11. Feeding a family won’t cost you a fortune if you’re traveling to Mexico with kids
One of the things we looked forward to when traveling to Mexico with kids was the low cost of living. Throughout our time in Mexico, we thoroughly enjoyed the favorable exchange rate. You truly can feed a family with very little money in Mexico.
For our family, a meal at an average restaurant costs about 300 to 500 pesos, which is roughly $15-$25. This includes three to four entrees (we sometimes split our meals) and drinks for all of us.
If we eat at a taco stand, we can get by with paying between 200-300 pesos ($10-$15, including tip). But if we eat at a fancy restaurant, we can sometimes spend around 800 to 1,000 pesos ($40-$50).
If you’re traveling on a budget, you’ll be able to get by eating at the cheap restaurants. Or better yet, hit up the local markets for some great (cheap!) produce. But if you want to enjoy yourself while you’re in Mexico, you can certainly do that too.
For example, take a look at some of our favorite San Miguel de Allende restaurants. In some cities, you’ll be able to find a wide selection of cuisines from around the world when you’re visiting Mexico with kids.
Click here to see how much living in Mexico for one month costs a family.
12. Take along a water bottle with a filter
Although some travelers will say otherwise, Mexican tap water is not really safe to drink. In San Miguel de Allende, for example, the water has very high levels of arsenic. If you’re planning on traveling to Mexico with kids, be prepared to buy bottled water.
A more environmentally friendly alternative to buying bottled water is to bring along a water bottle with a filter and purifier. For our family, we use a water bottle from a company called GRAYL. These bottles have a built in water purifier and filter that takes out particles, metals, and pathogens from your water. So we feel perfectly safe drinking water from the tap, once we’ve filtered it through our GRAYL bottle.
You can buy your own GRAYL bottle online using the links below:
With all the walking and activities you’re sure to do in Mexico, having plenty of water will be absolutely important.
13. Get used to random fireworks
From what we’ve observed during our time in Mexico, people here will find any excuse to celebrate. It’s one thing I admire about the Mexican culture.
One of the staples of Mexican celebrations are fireworks. During the Day of the Dead celebrations in Mexico City and in San Miguel de Allende, we heard fireworks in the night and well into the early morning. And even in Guanajuato, we would hear random fireworks go off in the middle of the night.
If your kids get scared of fireworks, prepare them ahead of time before coming to Mexico. Most of the time, you will hear them but may not be able to see them.
14. There are tons of dogs everywhere!
Another unusual thing about Mexico is that there are dogs everywhere! We found this to be especially true when we were in Central Mexico, though in the Yucatan peninsula, there weren’t as many stray dogs.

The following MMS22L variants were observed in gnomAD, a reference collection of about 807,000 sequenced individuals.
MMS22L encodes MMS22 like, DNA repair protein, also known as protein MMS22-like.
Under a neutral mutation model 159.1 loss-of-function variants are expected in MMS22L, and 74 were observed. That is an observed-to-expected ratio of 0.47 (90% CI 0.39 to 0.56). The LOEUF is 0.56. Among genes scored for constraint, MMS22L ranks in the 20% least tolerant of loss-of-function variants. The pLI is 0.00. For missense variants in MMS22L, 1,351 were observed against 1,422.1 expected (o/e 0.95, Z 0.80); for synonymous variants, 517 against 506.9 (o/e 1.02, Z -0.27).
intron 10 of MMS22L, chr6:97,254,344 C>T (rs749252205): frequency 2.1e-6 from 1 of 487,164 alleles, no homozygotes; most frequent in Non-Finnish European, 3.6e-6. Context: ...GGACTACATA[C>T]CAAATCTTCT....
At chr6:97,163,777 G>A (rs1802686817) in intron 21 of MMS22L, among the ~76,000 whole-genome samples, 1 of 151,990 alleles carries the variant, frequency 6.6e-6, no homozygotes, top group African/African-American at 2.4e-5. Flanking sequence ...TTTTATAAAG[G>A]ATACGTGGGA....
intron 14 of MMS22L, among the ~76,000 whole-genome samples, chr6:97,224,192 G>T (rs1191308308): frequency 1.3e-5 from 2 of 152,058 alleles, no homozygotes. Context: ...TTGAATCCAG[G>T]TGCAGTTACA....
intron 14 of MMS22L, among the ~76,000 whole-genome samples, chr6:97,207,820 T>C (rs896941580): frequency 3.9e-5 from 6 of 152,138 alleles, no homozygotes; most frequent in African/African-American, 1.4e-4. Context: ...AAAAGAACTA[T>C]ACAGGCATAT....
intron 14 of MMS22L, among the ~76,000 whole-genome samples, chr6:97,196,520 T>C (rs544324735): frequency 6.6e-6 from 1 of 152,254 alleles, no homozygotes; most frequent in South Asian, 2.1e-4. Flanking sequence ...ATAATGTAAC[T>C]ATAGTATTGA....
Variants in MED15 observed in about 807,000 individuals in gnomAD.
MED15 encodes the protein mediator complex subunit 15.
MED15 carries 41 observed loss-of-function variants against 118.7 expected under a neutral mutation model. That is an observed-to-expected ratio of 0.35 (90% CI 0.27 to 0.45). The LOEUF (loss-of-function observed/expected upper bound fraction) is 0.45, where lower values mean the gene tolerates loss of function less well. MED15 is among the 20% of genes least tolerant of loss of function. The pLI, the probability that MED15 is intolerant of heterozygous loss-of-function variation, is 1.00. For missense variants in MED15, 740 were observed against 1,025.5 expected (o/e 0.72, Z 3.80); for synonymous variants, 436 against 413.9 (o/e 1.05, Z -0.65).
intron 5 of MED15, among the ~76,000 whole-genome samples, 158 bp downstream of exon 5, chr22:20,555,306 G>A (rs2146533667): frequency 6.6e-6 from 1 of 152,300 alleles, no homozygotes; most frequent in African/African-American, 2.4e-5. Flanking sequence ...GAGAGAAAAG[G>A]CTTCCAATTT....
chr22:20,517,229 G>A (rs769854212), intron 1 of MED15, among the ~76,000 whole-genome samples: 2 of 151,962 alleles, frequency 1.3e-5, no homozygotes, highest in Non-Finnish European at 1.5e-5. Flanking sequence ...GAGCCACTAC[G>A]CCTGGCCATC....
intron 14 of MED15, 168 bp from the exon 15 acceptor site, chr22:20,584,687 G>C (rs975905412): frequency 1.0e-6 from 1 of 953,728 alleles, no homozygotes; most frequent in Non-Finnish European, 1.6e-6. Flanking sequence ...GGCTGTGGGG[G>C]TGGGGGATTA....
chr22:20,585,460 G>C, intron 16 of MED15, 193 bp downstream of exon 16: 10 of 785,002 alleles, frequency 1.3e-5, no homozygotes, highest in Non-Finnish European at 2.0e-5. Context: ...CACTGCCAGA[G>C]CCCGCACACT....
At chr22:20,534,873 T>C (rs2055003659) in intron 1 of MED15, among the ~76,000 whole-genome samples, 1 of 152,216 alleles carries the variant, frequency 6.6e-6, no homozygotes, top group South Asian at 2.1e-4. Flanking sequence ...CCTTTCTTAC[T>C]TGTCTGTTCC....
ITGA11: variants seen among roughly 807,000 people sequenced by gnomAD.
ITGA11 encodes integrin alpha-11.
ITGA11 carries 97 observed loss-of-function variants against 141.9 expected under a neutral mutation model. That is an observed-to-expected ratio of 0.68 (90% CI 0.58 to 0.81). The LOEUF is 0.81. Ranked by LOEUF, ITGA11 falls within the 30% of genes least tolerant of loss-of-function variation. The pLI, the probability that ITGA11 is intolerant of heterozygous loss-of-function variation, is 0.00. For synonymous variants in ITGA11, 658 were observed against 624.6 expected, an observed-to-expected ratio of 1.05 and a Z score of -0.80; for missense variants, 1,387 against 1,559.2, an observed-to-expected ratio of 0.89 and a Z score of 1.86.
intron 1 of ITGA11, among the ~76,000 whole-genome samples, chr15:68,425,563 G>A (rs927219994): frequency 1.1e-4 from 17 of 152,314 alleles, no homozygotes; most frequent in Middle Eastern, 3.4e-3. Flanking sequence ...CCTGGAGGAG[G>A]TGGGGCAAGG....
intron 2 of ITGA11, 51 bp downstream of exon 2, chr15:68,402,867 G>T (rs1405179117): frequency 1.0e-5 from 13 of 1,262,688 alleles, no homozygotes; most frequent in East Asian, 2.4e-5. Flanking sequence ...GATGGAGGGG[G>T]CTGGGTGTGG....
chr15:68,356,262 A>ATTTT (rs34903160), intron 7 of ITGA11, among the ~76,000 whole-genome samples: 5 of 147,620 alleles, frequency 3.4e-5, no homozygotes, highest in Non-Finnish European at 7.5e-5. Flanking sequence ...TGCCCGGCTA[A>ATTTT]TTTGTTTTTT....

Walking down the street in Mexico with kids, it’s not rare to come across a few street dogs scavenging for food or roaming the streets. Besides the street dogs, many Mexicans also have dogs for pets. We’ll sometimes walk past a gate or a wall, and get surprised by a dog barking on the other side of it.
In general, the dogs you’ll come across here will be fairly harmless. However, they may bark at you when you pass them by. Just in case, before traveling to Mexico with kids, it’s good to review with your kids how to act around dogs, especially if your kids are the type to get scared by dogs.
15. Don’t be afraid to go off the beaten path when you’re traveling to Mexico with kids
There are so many amazing places to explore in Mexico! If you really want to get a feel for Mexican culture, it’s best to go beyond the standard tourist destinations when you’re traveling to Mexico with kids.
As I mentioned earlier, Mexico is more than just beach towns. During our time in Mexico, we really enjoyed exploring Central Mexico. We visited old colonial towns, rode horses in the canyons, and walked with butterflies in the forest.
Aside from Mexico City, Playa del Carmen, and San Miguel de Allende, the places we’ve visited in Mexico have not had very many foreign tourists. We like the idea of exploring the less touristy parts of Mexico, because it gives us a chance to really experience the country from a non-commercial perspective. Additionally, it helps us spread our tourism dollars to destinations beyond the tourist spots.
Take a look at other impactful ways that you can travel more responsibly with your family.
Why you should consider traveling to Mexico with kids
Mexico has truly captured our hearts. I am so glad we ended up traveling to Mexico with kids during our family gap year. It’s a truly beautiful destination.
In our opinion, Mexico is a great country to visit with kids. There are so many cultural and historical sites to see. And if your kids are into nature, you can explore the forests, beaches, and mountains throughout the country.
It’s so easy to get around Mexico, and once you have even a basic understanding of Spanish, you’ll be able to communicate with people where ever you go.
Have you had experience traveling to Mexico with kids? Share your Mexico travel tips in the comments below!
Are you planning to visit Mexico as part of a long term travel adventure? Get my family gap year guide, Hey Kids, Let’s Go Travel! for resources, advice, and actionable steps for planning your trip.